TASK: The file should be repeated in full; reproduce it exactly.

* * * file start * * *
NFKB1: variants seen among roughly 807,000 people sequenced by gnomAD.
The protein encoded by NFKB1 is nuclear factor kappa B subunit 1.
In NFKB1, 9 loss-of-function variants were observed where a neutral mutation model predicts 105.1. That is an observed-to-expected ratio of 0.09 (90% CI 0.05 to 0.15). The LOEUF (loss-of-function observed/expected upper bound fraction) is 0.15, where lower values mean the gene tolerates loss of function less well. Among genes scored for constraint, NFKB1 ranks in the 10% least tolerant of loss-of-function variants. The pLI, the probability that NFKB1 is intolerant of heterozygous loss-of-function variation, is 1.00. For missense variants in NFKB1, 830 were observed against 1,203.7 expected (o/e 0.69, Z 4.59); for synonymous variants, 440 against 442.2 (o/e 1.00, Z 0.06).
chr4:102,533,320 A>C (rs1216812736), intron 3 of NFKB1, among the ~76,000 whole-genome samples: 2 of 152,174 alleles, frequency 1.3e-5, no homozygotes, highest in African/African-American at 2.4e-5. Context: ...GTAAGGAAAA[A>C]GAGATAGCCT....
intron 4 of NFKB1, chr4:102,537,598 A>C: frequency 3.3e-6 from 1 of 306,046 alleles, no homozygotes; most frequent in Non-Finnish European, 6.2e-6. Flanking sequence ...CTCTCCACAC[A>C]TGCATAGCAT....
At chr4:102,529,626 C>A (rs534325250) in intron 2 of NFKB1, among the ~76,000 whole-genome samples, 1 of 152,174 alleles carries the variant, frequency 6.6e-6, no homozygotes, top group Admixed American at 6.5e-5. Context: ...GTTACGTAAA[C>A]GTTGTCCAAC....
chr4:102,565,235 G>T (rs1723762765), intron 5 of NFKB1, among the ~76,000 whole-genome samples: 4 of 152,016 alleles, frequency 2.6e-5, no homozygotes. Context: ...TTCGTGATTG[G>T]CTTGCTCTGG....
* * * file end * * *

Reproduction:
NFKB1: variants seen among roughly 807,000 people sequenced by gnomAD.
The protein encoded by NFKB1 is nuclear factor kappa B subunit 1.
In NFKB1, 9 loss-of-function variants were observed where a neutral mutation model predicts 105.1. That is an observed-to-expected ratio of 0.09 (90% CI 0.05 to 0.15). The LOEUF (loss-of-function observed/expected upper bound fraction) is 0.15, where lower values mean the gene tolerates loss of function less well. Among genes scored for constraint, NFKB1 ranks in the 10% least tolerant of loss-of-function variants. The pLI, the probability that NFKB1 is intolerant of heterozygous loss-of-function variation, is 1.00. For missense variants in NFKB1, 830 were observed against 1,203.7 expected (o/e 0.69, Z 4.59); for synonymous variants, 440 against 442.2 (o/e 1.00, Z 0.06).
chr4:102,533,320 A>C (rs1216812736), intron 3 of NFKB1, among the ~76,000 whole-genome samples: 2 of 152,174 alleles, frequency 1.3e-5, no homozygotes, highest in African/African-American at 2.4e-5. Context: ...GTAAGGAAAA[A>C]GAGATAGCCT....
intron 4 of NFKB1, chr4:102,537,598 A>C: frequency 3.3e-6 from 1 of 306,046 alleles, no homozygotes; most frequent in Non-Finnish European, 6.2e-6. Flanking sequence ...CTCTCCACAC[A>C]TGCATAGCAT....
At chr4:102,529,626 C>A (rs534325250) in intron 2 of NFKB1, among the ~76,000 whole-genome samples, 1 of 152,174 alleles carries the variant, frequency 6.6e-6, no homozygotes, top group Admixed American at 6.5e-5. Context: ...GTTACGTAAA[C>A]GTTGTCCAAC....
chr4:102,565,235 G>T (rs1723762765), intron 5 of NFKB1, among the ~76,000 whole-genome samples: 4 of 152,016 alleles, frequency 2.6e-5, no homozygotes. Context: ...TTCGTGATTG[G>T]CTTGCTCTGG....